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U.S. Innovation Leaders need IQ, EQ & CQ (Part Two of "Judas Goats")

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With the U.S. appearing to suck at globalization and largely indifferent but dependent on the domestic market, we need leadership willing to step up and innovate with a capital "I" if we intend to remain in the top 3. It can be done. We are still viewed as the country of freedom and ingenuity around the world, but more and more we are being viewed as resting on our past accomplishments and steering rudderless, albeit arrogantly, through cultural impacts we don't quite understand and don't appear to appreciate.

We Are All Connected - Domestically and Globally

If we figure the world will just accept us the way we are because we are America, we need to examine that attitude and quickly. How much time do you think the Chinese spend learning about America? Cultural impact in the U.S. from voting to job creation and economic recovery, affects us all within and without our borders, and domestic and international markets. We need capital "I" Leaders in the U.S. to embrace not only IQ and EQ, but also CQ (cultural quotient). Consider India; America by no means has an exclusive on innovation.

While JC Penney apparently embraced the risk side of innovation hiring Ron Johnson, at least they tried.  Demographic differences between the loyal Apple consumers vs. loyal Penney consumers relied on an Apple innovation methodology that couldn't make the leap. Yet, JC Penney may still pull a "Coke" - to - "Coca Cola Classic" and now build on the needs and desires of their demographic strengths to bring back a new and improved "classic" approach. Finding the "classic" in emerging markets as well could be a significant and even sustainable coup. But to target effectively they need to know the markets and the cultures, and be set up to strike when the timing is right.

Leaders must move faster regardless of sector. Crowd sourcing like Twitter, makes the whims of the consumer more volatile than ever before, whether it's basics of life like food, or the latest smart phone. Share one weight loss recipe featuring a specific ingredient or nutraceutical; demand changes instantly and involves multiple markets and cultures.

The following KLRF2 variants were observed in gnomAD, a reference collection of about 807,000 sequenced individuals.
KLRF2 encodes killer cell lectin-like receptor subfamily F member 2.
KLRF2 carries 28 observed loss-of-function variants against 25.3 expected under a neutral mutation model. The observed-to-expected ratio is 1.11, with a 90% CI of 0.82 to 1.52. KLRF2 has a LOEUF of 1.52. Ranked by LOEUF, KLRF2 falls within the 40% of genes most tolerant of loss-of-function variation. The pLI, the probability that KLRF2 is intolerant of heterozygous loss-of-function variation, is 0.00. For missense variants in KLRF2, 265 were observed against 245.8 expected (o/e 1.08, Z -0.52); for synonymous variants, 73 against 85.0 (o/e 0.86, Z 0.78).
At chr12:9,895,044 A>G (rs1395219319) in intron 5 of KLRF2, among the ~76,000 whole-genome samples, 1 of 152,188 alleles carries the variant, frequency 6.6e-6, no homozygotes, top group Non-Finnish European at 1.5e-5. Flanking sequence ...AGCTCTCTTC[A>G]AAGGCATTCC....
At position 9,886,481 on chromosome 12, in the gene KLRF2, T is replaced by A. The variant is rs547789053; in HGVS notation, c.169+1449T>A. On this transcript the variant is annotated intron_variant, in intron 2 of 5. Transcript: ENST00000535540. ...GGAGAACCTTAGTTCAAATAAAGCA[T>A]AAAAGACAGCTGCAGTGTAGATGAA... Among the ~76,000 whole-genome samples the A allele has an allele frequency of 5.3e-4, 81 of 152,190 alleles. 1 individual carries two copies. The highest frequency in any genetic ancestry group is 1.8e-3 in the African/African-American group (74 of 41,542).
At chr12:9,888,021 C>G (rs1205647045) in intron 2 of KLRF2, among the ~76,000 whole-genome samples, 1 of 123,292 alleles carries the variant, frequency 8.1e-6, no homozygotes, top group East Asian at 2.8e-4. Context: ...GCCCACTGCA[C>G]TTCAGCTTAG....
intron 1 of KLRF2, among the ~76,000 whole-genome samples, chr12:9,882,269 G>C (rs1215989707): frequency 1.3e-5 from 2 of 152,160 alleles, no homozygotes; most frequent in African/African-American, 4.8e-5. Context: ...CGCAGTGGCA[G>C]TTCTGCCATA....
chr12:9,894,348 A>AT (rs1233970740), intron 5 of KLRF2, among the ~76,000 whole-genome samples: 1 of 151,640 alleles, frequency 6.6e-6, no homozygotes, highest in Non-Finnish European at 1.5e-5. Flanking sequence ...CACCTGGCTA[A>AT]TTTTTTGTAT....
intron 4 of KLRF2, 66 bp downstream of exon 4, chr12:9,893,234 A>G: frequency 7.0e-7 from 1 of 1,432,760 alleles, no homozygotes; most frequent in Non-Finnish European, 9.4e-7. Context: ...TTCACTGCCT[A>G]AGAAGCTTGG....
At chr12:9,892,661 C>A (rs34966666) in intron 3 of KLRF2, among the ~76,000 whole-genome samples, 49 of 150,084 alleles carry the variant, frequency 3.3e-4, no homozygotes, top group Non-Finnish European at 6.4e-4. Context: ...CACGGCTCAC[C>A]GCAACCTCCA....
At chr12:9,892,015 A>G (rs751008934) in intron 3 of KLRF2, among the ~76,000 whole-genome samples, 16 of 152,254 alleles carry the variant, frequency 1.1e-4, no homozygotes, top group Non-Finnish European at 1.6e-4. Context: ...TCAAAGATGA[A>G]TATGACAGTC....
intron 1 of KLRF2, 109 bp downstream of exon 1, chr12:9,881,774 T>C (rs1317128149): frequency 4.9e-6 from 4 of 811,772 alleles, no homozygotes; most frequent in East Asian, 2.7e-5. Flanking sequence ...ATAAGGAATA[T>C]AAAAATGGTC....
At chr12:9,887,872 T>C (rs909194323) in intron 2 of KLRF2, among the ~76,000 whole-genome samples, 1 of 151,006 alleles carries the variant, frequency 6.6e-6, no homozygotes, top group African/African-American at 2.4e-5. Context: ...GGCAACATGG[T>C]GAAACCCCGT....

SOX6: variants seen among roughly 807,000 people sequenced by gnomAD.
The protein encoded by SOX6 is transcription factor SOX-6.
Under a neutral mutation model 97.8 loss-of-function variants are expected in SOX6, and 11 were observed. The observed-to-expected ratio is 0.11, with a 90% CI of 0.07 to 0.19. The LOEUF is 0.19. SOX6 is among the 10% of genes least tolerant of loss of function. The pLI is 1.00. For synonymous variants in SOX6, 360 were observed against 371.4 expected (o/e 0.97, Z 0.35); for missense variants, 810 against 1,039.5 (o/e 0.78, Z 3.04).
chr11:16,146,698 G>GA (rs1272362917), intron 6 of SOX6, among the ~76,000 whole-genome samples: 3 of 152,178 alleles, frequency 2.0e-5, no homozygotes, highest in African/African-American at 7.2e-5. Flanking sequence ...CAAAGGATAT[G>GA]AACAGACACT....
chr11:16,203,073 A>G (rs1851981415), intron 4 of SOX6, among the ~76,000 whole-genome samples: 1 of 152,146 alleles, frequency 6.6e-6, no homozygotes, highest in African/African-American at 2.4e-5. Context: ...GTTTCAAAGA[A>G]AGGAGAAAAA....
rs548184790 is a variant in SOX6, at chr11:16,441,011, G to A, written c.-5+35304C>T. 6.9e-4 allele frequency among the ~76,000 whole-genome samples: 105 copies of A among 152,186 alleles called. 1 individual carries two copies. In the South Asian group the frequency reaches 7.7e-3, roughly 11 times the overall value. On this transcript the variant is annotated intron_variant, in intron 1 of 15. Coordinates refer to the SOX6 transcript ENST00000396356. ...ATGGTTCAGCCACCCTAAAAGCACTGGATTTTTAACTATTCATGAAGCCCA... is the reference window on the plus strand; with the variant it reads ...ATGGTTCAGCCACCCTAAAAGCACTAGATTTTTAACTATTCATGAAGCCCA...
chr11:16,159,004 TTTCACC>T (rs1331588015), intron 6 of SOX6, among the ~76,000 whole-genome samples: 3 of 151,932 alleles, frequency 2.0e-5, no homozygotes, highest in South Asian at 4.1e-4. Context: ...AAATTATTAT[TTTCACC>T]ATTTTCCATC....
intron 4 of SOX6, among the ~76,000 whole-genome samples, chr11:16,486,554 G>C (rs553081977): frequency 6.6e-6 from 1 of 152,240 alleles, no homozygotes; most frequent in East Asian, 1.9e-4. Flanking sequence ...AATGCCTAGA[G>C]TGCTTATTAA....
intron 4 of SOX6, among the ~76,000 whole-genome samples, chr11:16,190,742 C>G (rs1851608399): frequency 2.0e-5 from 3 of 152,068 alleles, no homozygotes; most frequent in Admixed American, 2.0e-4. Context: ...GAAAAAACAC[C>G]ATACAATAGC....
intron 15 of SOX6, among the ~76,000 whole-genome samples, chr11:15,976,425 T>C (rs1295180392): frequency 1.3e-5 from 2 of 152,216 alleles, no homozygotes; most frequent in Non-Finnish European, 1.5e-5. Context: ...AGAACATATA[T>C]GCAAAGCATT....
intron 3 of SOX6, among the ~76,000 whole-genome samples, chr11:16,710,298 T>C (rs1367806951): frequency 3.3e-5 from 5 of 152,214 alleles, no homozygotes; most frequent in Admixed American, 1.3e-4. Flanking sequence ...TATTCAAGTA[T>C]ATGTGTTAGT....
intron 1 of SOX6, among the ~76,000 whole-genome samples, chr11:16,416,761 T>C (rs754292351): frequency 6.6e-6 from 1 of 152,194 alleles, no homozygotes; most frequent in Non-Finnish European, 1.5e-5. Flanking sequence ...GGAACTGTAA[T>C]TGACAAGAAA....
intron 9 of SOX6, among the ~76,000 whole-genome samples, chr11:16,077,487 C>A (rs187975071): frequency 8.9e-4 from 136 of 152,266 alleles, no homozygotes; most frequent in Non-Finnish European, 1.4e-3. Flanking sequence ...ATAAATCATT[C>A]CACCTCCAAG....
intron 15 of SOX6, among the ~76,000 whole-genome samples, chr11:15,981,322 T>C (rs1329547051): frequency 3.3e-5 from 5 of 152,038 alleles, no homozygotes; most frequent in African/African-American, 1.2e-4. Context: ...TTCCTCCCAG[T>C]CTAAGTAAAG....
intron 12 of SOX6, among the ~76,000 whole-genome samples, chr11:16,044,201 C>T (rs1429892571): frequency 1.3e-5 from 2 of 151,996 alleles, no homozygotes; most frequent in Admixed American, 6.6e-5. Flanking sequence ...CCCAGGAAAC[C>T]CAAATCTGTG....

As a leader, if you are acting as the "judas goat" still herding your company to a rigid, specific destination bogged down in status quo, it will be as sheep to slaughter.

What factors are the most critical for emerging achievers and leaders of today when they predict a future for themselves?

"Self-awareness, high intelligence, high emotional quotient, extremely high integrity, multiple discipline knowledge, voracious appetite for new knowledge."  ~ Jatin Desai

Leaders need to loosen up and embrace the reality that "90% of what we call 'management' consists of making it difficult for people to get things done." ~ Peter Drucker 

Need help developing a clear innovation strategy, penetrating emerging markets, leadership development? Visit The DeSai Group. Follow Jatin Desai on LinkedIn and Twitter for juicy innovation ideas and tidbits.

Jatin Desai CEO, and author of Innovation Engine (May 2013 release by Wiley International), addresses C-Suite groups, delivers keynotes, leads workshops and joins with corporations and organizations to design and implement innovation programs and optimize existing programs, in the USA and internationally. Innovation Engine is now available in digital and hardcover versions at your favorite retail online or brick and mortar outlet.

  describe the image

                                 Innovation Engine

"Innovation Engine will help you build a climate and culture of innovation. A must-read for every serious executive desiring innovation as a daily habit in his or her organization and to drive innovation execution."

-Vijay Govindarajan, coauthor of the New York Times and
Wall Street Journal bestseller Reverse Innovation

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Innovation USA - Leaders or "Judas Goats?" U.S. Leadership Please Step Forward

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Innovation USA - Leaders or "Judas Goats?" U.S. Leadership Please Step Forward

Here in the USA the one question begging to be asked and answered is, "Are we simply sitting too comfortably where we are?" The up and coming countries and markets are busy manufacturing most of what we consume. While they are motivated, innovating and expanding, we are well - sitting.